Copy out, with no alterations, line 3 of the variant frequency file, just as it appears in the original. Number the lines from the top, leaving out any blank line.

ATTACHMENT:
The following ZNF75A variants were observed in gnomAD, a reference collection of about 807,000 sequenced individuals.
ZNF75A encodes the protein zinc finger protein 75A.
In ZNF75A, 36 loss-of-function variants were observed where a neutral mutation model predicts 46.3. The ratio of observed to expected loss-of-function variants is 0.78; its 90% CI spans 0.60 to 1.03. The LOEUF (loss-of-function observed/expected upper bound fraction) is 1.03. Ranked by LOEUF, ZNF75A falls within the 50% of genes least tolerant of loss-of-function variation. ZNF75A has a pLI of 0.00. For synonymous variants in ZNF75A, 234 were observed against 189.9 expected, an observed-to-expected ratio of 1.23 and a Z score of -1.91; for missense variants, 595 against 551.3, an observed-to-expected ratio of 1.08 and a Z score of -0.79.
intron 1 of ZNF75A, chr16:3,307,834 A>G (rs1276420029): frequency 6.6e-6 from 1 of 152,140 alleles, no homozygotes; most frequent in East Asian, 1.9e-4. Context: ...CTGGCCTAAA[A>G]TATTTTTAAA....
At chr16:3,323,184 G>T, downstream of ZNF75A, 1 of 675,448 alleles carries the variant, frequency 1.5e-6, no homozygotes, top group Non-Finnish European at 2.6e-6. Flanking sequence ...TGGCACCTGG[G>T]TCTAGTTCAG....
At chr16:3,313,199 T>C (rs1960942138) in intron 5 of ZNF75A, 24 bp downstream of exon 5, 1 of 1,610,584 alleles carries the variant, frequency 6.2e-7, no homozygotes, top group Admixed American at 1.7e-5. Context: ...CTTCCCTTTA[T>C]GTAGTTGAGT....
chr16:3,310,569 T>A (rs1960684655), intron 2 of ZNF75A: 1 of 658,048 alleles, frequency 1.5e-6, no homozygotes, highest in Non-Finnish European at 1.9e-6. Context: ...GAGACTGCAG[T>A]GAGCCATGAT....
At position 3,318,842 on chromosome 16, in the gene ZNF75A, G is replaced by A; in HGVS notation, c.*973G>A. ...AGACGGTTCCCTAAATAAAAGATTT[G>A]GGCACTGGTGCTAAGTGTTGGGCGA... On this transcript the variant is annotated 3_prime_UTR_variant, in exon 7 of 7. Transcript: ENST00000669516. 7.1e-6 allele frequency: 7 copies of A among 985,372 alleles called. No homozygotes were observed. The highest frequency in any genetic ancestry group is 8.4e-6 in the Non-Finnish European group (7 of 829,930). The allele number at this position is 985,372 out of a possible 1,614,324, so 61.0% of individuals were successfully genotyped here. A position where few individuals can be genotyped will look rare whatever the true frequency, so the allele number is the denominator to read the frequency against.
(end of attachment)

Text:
In ZNF75A, 36 loss-of-function variants were observed where a neutral mutation model predicts 46.3. The ratio of observed to expected loss-of-function variants is 0.78; its 90% CI spans 0.60 to 1.03. The LOEUF (loss-of-function observed/expected upper bound fraction) is 1.03. Ranked by LOEUF, ZNF75A falls within the 50% of genes least tolerant of loss-of-function variation. ZNF75A has a pLI of 0.00. For synonymous variants in ZNF75A, 234 were observed against 189.9 expected, an observed-to-expected ratio of 1.23 and a Z score of -1.91; for missense variants, 595 against 551.3, an observed-to-expected ratio of 1.08 and a Z score of -0.79.